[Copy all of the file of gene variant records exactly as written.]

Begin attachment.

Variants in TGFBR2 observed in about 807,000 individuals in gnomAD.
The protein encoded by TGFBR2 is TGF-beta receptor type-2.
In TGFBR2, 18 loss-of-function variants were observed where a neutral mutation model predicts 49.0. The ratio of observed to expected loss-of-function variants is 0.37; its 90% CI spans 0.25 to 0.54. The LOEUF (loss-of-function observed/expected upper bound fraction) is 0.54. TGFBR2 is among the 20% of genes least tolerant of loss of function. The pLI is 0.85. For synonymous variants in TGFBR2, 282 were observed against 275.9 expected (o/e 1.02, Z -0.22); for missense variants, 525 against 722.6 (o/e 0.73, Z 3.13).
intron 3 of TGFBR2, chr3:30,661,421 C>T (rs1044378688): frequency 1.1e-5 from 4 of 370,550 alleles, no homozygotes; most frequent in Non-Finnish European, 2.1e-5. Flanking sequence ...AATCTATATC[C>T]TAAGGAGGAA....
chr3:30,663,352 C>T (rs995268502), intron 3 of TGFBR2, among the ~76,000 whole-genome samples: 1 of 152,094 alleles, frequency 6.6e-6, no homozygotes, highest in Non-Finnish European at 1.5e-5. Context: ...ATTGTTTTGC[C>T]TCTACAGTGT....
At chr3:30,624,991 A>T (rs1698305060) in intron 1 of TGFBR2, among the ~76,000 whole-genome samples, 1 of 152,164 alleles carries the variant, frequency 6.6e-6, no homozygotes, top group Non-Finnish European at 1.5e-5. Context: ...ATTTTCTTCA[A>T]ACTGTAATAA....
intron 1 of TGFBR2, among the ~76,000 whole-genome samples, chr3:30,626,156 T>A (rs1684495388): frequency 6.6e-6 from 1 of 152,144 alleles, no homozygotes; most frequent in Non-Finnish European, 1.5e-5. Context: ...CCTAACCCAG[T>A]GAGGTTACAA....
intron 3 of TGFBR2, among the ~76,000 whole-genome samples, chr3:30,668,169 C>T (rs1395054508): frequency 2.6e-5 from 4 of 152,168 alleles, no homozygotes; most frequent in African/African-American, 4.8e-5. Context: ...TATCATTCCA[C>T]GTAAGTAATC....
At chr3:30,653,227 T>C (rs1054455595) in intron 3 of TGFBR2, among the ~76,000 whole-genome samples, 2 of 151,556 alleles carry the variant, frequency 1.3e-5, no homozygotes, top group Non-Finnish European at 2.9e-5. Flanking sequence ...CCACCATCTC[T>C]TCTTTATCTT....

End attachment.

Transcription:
Variants in TGFBR2 observed in about 807,000 individuals in gnomAD.
The protein encoded by TGFBR2 is TGF-beta receptor type-2.
In TGFBR2, 18 loss-of-function variants were observed where a neutral mutation model predicts 49.0. The ratio of observed to expected loss-of-function variants is 0.37; its 90% CI spans 0.25 to 0.54. The LOEUF (loss-of-function observed/expected upper bound fraction) is 0.54. TGFBR2 is among the 20% of genes least tolerant of loss of function. The pLI is 0.85. For synonymous variants in TGFBR2, 282 were observed against 275.9 expected (o/e 1.02, Z -0.22); for missense variants, 525 against 722.6 (o/e 0.73, Z 3.13).
intron 3 of TGFBR2, chr3:30,661,421 C>T (rs1044378688): frequency 1.1e-5 from 4 of 370,550 alleles, no homozygotes; most frequent in Non-Finnish European, 2.1e-5. Flanking sequence ...AATCTATATC[C>T]TAAGGAGGAA....
chr3:30,663,352 C>T (rs995268502), intron 3 of TGFBR2, among the ~76,000 whole-genome samples: 1 of 152,094 alleles, frequency 6.6e-6, no homozygotes, highest in Non-Finnish European at 1.5e-5. Context: ...ATTGTTTTGC[C>T]TCTACAGTGT....
At chr3:30,624,991 A>T (rs1698305060) in intron 1 of TGFBR2, among the ~76,000 whole-genome samples, 1 of 152,164 alleles carries the variant, frequency 6.6e-6, no homozygotes, top group Non-Finnish European at 1.5e-5. Context: ...ATTTTCTTCA[A>T]ACTGTAATAA....
intron 1 of TGFBR2, among the ~76,000 whole-genome samples, chr3:30,626,156 T>A (rs1684495388): frequency 6.6e-6 from 1 of 152,144 alleles, no homozygotes; most frequent in Non-Finnish European, 1.5e-5. Context: ...CCTAACCCAG[T>A]GAGGTTACAA....
intron 3 of TGFBR2, among the ~76,000 whole-genome samples, chr3:30,668,169 C>T (rs1395054508): frequency 2.6e-5 from 4 of 152,168 alleles, no homozygotes; most frequent in African/African-American, 4.8e-5. Context: ...TATCATTCCA[C>T]GTAAGTAATC....
At chr3:30,653,227 T>C (rs1054455595) in intron 3 of TGFBR2, among the ~76,000 whole-genome samples, 2 of 151,556 alleles carry the variant, frequency 1.3e-5, no homozygotes, top group Non-Finnish European at 2.9e-5. Flanking sequence ...CCACCATCTC[T>C]TCTTTATCTT....